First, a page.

Plan­ning for suc­cess

New tech­nol­ogy helps re­tail­ers man­age the com­plex­i­ties of farm-to-fork lo­gis­tics.

Progressive Grocer (India) - - Contents - By Jenny Mc­tag­gart

Even in the Dig­i­tal Age, getting food from a farm to a cus­tomer’s fork is as rel­e­vant as ever — but the task has be­come far more com­pli­cated than many in the in­dus­try could have pre­dicted, thanks in large part to lo­gis­ti­cal chal­lenges that range from un­pre­dictable traf­fic to ul­tra­per­ish­able fruit.

The onus is now on re­tail­ers and their sup­ply chain part­ners to come up with smart, cost-ef­fec­tive and de­pend­able so­lu­tions to keep them at the front, or at least near the head of, the re­tail­ing pack.

So far, one of the lo­gis­ti­cal front-run­ners in the race is Ama­zon, which re­cently for­mal­ized its com­mit­ment to gain ground in the gro­cery business by bid­ding for the coun­try’s largest nat­u­ral food re­tailer, Austin, Texas-based Whole Foods Mar­ket.

Iron­i­cally, it’s tech­nol­ogy, which Seat­tle-based Ama­zon cer­tainly knows a thing or two about, that may be the most cov­eted tool to sharpen re­tail­ers’ lo­gis­ti­cal know-how as they step up their com­pet­i­tive games.

Thomas Grav­elle, di­rec­tor of lo­gis­tics, trans­porta­tion and cus­tomer ser­vice for Austin, Minn.-based Hormel Foods, says tech­nol­ogy has cer­tainly been a game-changer dur­ing his 37 years at the 125-year-old com­pany. “The big­gest change I’ve seen is a more var­ied item of­fer­ing, with many more choices and fla­vors for the con­sumer,” he notes. “This has made things more chal­leng­ing for our lo­gis­tics team mem­bers, but we’ve been able to ex­e­cute the lo­gis­tics func­tions for food prod­ucts ef­fec­tively within the en­vi­ron­ment of in­creased com­plex­ity, due to greater use of tech­nol­ogy.”

Hormel is also re­ly­ing on smarter part­ner­ships with its re­tailer part­ners, he notes, point­ing to its par­tic­i­pa­tion in back­haul pro­grams as just one ex­am­ple.

Asda’s on the Right Route

Of the many types of lo­gis­tics-re­lated tech­nol­ogy to shape the in­dus­try, trans­porta­tion-re­lated so­lu­tions such as route optimization soft­ware are help­ing com­pa­nies bet­ter nav­i­gate farm-to-fork de­liv­ery. Ac­cord­ing to William Sal­ter, CEO and pres­i­dent of Dal­las-based Paragon Soft­ware Sys­tems, his com­pany’s re­tail cus­tomers, in­clud­ing Asda and Ste­wart’s Shops, are see­ing some ad­van­tages to us­ing rout­ing and sched­ul­ing tech­nol­ogy.

De­ploy­ing Paragon as a strate­gic plan­ning tool, Wal­mart-owned U.K. su­per­mar­ket chain Asda, based in Leeds, has been able to re­view and model best routes, which has re­sulted in bet­ter use of its fleet and lower cap­i­tal ex­pen­di­tures, ac­cord­ing to Sal­ter.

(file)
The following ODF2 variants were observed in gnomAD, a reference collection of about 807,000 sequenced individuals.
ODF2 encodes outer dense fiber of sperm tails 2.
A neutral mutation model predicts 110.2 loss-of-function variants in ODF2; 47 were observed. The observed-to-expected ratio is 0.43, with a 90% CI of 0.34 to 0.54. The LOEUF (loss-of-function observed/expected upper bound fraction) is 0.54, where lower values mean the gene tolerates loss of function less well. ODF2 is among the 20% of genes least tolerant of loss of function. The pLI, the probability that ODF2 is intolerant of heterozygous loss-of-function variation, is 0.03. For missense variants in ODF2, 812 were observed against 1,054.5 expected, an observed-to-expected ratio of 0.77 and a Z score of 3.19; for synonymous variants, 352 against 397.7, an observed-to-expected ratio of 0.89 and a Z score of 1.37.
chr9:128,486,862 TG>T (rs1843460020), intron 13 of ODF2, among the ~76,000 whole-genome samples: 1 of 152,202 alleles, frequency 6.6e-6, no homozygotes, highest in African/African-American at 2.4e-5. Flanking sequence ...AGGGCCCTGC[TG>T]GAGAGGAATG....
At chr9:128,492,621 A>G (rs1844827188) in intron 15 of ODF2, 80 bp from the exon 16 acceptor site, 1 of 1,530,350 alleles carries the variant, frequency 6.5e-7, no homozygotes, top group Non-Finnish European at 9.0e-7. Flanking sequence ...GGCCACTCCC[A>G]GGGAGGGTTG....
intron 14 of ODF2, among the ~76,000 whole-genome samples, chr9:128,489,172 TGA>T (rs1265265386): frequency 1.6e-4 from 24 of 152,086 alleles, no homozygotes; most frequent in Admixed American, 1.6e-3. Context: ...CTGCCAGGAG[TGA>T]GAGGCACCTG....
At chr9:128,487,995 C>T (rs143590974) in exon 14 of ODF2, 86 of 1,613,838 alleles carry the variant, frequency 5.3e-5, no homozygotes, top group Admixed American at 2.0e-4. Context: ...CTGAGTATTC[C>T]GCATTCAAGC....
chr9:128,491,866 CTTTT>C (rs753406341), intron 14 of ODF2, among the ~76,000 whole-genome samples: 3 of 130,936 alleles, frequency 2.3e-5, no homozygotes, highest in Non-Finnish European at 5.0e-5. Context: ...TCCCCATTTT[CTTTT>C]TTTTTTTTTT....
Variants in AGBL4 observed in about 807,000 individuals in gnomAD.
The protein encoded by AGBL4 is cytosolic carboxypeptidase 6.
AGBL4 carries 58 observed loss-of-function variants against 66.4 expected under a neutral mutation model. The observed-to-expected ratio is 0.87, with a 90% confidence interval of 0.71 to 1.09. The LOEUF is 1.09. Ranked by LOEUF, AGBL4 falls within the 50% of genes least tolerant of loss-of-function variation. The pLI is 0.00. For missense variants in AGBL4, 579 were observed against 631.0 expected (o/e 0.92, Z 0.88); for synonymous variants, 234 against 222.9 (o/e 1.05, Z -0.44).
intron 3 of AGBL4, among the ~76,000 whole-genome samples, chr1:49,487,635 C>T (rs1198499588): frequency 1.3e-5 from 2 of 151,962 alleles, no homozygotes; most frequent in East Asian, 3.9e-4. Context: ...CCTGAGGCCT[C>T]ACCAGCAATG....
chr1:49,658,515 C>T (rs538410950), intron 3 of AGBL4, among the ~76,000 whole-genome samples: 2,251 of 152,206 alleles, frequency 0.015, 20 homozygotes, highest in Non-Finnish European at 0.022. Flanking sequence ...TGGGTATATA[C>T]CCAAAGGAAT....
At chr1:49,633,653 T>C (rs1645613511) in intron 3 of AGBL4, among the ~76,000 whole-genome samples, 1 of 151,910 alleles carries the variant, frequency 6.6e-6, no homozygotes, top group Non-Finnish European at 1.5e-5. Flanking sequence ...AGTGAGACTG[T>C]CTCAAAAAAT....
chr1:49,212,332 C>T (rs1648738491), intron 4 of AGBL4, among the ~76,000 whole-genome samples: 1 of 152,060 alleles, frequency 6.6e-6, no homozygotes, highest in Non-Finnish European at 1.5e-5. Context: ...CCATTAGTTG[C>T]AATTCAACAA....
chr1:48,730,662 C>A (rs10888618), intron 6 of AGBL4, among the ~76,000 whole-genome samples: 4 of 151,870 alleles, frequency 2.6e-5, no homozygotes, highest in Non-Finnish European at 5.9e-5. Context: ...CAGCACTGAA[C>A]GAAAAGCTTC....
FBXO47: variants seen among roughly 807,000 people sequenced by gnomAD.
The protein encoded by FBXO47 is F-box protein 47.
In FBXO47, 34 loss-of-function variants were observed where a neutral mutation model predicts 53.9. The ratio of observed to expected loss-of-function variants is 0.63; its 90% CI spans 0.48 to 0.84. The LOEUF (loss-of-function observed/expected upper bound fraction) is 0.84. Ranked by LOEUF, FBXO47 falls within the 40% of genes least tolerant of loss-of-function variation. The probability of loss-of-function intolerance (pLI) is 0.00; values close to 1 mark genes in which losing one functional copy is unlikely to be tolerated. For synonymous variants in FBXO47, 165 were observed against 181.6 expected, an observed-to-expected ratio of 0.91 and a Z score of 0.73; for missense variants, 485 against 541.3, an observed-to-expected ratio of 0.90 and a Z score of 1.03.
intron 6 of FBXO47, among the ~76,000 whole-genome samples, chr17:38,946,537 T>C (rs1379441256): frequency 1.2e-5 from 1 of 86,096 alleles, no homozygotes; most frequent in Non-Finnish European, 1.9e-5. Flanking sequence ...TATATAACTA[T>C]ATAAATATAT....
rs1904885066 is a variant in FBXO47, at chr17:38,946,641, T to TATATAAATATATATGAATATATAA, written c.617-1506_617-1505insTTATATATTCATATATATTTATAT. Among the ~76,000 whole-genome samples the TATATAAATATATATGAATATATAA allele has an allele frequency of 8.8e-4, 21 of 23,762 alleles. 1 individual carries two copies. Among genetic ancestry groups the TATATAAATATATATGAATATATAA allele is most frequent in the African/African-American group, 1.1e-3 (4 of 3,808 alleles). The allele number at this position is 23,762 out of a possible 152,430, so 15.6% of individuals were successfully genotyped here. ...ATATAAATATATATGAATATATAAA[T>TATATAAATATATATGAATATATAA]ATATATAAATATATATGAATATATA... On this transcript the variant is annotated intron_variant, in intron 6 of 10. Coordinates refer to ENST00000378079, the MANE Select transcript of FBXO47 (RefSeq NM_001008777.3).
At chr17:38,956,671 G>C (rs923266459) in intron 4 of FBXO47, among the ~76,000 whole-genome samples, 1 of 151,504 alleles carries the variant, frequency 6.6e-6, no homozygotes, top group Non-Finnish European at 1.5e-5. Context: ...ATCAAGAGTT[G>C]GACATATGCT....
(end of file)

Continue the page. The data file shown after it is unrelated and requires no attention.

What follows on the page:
“Our soft­ware en­ables pre­cise plan­ning of de­liv­ery routes and ve­hi­cle use across all of the de­pots that serve Asda’s na­tion­wide stores, which serve more than 18 mil­lion cus­tomers in store ev­ery week,” says Sal­ter. “As a re­sult, food miles and car­bon emis­sions are re­duced through im­proved use of its fleet of trac­tor units and trailer units.”

When su­per­mar­kets suc­ceed in stream­lin­ing their de­liv­ery process, lo­gis­tics costs are kept to a min­i­mum, farm­ers have a lower re­turn rate, and cus­tomers get the fresh­est food pos­si­ble. — William Sal­ter Paragon Soft­ware Sys­tems

Mean­while, in the United States, Ball­ston Spa, N.y.-based re­gional convenience store op­er­a­tor Ste­wart’s Shops has adopted Paragon’s rout­ing and sched­ul­ing soft­ware to au­to­mate the man­ual process of plan­ning deliveries to its re­tail out­lets, which should ul­ti­mately lower mileage, re­duce fuel us­age and im­prove truck­load ef­fi­cien­cies, ob­serves Sal­ter.

“With grow­ing de­mand from con­sumers for fresh food, the great­est lo­gis­tics chal­lenge for our gro­cery cus­tomers is en­sur­ing that fresh food is avail­able in store as quickly as pos­si­ble after leav­ing the field, with the least amount of han­dling and at the low­est pos­si­ble cost,” he notes.

“Mov­ing prod­ucts quickly and ef­fi­ciently through the sup­ply chain not only en­sures that cus­tomer de­mand for fresh food is met, but also in­creases the length of on-shelf time be­fore use-by and best-be­fore dates ex­pire,” he adds. “This helps keep the cus­tomer happy, boosts sales and min­i­mizes the amount of food waste or stock re­turned to pro­duc­ers.”

Aside from tech­nol­ogy, some of the com­mon­sense so­lu­tions adopted by the in­dus­try

in­clude us­ing the same con­tainer all the way from the point of pack­ing at the farm or pro­ducer to the de­liv­ery jour­ney and into the su­per­mar­ket aisles, ob­serves Sal­ter, who adds, “Stan­dard­iz­ing con­tain­ers also al­lows ve­hi­cles to be bet­ter uti­lized, be­cause trans­porta­tion plan­ners can bet­ter un­der­stand what will fit in each truck based on ac­cu­rate vol­u­met­ric data.”

How­ever, the ad­van­tages that tech­nol­ogy brings to the ta­ble are un­par­al­leled, he main­tains: “Us­ing a sys­tem like Paragon’s rout­ing and sched­ul­ing soft­ware al­lows trans­porta­tion plan­ners to man­age widerang­ing cri­te­ria. This in­cludes re­stric­tions on ve­hi­cle types and de­liv­ery times, time re­quired for load­ing and un­load­ing, and pre­ferred de­liv­ery times for dif­fer­ent types of food.”

Sal­ter con­tin­ues: “When su­per­mar­kets suc­ceed in stream­lin­ing their de­liv­ery process, lo­gis­tics costs are kept to a min­i­mum, farm­ers have a lower re­turn rate, and cus­tomers get the fresh­est food pos­si­ble. It’s a win-win for ev­ery­body.”

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